31 Jan / By the Lake of Sleeping Children: The Secret Life of the Mexican Border by Luis Alberto Urrea, photographs by John Lueders-Booth
Once I opened this second volume in Luis Alberto Urrea‘s Border Trilogy, I simply couldn’t stop. So here’s the best thing I can say about Lake after reading his first border title, Across the Wire: Lake is more of the same … it’s another riveting must-read.
Urrea begins his “Introductory Matters” by debunking an American myth: “In spite of what the anti-immigration proponents will tell you, Tijuana is NOT “a teeming staging area for a massive assault on America, [and] you might be surprised at how many people have no intention of ever crossing the border,” he insists. “No matter what anyone tells you, a population of more than a million people, living in one of the top money-making cities in Mexico, and the most visited city, and the most reviled city, and the most Disneyfied city, are not going to crunch through the fabulous fence we have erected. They aren’t going anywhere.”
Urrea reports how “young Mexican intellectuals with a slightly revolutionary bent have coined a pet name for Tijuana. They call it Palestijuas, Tijuana-Palestine.” The resemblance does not go unnoticed: the looming fence, the circling helicopters, the hordes of cramped people on one side, the threat of armed Border Patrols on the other. Even the land – as Tijuana’s citizens see it from thousands of miles away on salvaged televisions running on diverted electricity – is cause for “amazed” recognition: “the West Bank! Why, it looks exactly like Tijuana,” the crowds exclaim.
Amidst these teeming multitudes, Urrea shares the often unbearable stories of those who stay: “It’s a forum for the voiceless,” he describes his book, the fulfillment of a promise he made to a garbage dump dweller who insisted, “‘And nobody will ever know that I lived. So tell them about me. Tell them I was here.'”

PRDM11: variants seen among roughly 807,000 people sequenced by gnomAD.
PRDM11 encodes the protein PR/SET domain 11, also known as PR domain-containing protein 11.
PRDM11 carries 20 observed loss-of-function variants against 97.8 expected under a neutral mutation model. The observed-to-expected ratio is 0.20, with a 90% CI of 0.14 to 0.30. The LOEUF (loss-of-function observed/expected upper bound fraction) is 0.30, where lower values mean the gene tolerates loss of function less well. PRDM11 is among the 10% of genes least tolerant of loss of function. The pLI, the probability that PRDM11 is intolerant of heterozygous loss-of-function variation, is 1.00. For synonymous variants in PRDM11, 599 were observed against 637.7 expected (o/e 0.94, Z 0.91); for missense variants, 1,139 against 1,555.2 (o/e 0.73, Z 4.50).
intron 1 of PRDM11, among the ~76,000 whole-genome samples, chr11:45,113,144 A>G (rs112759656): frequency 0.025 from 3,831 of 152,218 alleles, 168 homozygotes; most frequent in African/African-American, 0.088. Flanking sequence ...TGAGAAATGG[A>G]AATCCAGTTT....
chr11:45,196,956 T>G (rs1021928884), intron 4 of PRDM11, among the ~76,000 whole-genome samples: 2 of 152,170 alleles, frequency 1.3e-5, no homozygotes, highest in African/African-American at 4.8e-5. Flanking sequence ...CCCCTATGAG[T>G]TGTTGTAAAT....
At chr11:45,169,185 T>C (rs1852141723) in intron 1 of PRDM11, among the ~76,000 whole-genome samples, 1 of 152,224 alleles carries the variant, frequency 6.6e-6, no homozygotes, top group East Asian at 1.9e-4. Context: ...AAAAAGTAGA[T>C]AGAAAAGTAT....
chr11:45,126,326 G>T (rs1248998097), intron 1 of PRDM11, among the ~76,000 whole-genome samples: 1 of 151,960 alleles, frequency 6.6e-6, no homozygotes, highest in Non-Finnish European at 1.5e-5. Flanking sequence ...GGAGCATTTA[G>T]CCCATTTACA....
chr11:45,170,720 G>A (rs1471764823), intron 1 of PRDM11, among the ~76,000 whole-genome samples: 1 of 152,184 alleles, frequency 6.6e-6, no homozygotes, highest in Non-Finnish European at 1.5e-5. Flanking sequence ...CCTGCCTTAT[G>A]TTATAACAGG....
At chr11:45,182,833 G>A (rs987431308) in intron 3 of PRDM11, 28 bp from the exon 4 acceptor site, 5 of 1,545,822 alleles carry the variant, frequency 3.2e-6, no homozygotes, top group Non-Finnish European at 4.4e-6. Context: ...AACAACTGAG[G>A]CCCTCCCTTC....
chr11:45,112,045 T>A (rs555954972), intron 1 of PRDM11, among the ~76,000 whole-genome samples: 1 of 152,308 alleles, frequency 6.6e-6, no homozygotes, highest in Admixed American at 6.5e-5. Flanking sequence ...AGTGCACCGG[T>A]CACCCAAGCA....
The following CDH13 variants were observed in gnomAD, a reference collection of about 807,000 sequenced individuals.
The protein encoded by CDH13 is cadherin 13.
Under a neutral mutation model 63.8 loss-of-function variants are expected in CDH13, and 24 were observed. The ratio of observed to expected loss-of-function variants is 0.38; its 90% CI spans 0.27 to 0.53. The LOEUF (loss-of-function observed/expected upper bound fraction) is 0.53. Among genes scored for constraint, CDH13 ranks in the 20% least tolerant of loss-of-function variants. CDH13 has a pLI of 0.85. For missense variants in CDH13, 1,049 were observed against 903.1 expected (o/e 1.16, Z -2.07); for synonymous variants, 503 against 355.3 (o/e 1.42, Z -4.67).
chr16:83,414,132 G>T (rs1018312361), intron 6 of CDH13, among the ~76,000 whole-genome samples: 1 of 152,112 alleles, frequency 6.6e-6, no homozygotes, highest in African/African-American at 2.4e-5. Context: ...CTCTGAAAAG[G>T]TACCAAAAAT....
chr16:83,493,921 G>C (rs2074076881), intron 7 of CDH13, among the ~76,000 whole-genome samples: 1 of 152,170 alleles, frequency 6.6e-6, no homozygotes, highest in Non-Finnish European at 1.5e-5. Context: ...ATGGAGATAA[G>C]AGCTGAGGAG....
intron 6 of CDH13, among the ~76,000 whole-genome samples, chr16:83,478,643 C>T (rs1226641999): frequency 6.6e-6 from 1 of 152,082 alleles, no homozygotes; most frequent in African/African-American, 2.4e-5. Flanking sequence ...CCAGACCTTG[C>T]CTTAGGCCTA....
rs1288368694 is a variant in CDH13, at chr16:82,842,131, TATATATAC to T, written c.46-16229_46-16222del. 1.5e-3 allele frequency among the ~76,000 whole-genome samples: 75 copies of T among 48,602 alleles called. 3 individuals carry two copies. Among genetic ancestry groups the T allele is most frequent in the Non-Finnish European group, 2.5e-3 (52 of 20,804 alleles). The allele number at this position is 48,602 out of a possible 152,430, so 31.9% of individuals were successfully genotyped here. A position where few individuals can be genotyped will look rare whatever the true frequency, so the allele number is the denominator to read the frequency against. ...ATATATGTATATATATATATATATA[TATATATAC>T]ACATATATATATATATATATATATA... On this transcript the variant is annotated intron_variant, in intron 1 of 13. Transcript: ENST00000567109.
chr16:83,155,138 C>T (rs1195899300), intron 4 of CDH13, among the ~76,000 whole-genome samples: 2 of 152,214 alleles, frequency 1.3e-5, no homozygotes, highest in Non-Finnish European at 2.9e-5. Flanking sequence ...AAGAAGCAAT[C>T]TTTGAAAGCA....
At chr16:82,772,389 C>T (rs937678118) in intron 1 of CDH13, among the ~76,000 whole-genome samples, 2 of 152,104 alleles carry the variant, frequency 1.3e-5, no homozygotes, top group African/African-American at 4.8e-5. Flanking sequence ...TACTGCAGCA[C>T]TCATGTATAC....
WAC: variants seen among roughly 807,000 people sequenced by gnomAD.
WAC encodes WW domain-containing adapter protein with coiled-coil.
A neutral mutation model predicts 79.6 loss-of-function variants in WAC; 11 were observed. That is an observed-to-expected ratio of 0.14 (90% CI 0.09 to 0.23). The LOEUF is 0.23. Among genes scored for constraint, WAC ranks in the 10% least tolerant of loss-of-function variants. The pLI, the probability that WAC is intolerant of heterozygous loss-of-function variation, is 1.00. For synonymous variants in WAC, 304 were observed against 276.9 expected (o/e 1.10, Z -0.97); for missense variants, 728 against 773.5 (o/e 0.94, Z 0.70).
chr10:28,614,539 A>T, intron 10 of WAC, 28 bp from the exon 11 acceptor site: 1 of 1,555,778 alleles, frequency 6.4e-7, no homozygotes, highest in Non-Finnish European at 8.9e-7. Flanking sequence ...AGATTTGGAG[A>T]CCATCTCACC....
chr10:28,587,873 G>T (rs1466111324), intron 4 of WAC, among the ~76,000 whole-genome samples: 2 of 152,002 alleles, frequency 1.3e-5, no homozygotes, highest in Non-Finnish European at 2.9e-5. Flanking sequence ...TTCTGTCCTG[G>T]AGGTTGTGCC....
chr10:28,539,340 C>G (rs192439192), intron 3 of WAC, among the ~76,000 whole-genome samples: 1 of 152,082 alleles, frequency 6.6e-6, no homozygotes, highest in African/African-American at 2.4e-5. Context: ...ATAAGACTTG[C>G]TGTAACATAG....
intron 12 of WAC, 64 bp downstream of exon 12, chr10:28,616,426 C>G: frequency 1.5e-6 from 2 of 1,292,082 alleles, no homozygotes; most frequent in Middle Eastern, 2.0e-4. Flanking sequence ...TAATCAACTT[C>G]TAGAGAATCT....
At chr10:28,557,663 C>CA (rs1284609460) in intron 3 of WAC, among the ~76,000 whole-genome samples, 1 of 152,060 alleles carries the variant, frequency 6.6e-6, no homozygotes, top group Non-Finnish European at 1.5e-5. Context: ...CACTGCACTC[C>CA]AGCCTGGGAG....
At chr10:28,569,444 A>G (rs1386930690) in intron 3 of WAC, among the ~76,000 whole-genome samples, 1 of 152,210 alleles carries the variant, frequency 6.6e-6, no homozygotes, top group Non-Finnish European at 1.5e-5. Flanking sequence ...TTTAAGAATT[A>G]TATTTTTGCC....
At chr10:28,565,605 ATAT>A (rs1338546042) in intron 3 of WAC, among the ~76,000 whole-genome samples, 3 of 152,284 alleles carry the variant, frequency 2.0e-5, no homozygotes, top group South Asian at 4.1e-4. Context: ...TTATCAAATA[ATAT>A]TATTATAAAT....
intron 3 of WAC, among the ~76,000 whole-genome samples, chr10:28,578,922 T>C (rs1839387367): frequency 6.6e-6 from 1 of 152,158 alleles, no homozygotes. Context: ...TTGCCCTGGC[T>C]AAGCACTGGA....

Here the body count is gruesome … and high. Here Urrea exposes the sudden appearance of ‘a lake of sleeping children’ after a spontaneous flood, the tragic fate of four young boys deserted overnight by their parents, a disturbing glimpse into a less-than-well-run orphanage, and a heartfelt introduction to a beer-drinking nun who isn’t above ignoring ridiculous laws in order to protect orphan children. His most unforgettable piece examines 24 wrenching hours in the lives of three dump families trying to survive another day.
Urrea has a whole chapter to teach you how to curse, Tijuana style. He doesn’t flinch (although he warns you in case you might flinch, or worse …) when he recounts some of the mind-boggling horrors he’s witnessed against innocent animals; that chapter, “The Bald Monkey and Other Atrocities,” when first published in a newspaper, earned him not a few death threats. Ironic the lengths strangers will go to to express rage at abused animals … and yet what about the children … and the people …?
Once again, as in Wire, Urrea openly, honestly presents the overlooked humanity of voiceless lives … once more, his writing demands humane consideration and unflinching attention. You, we, all of us … should not, must not turn away.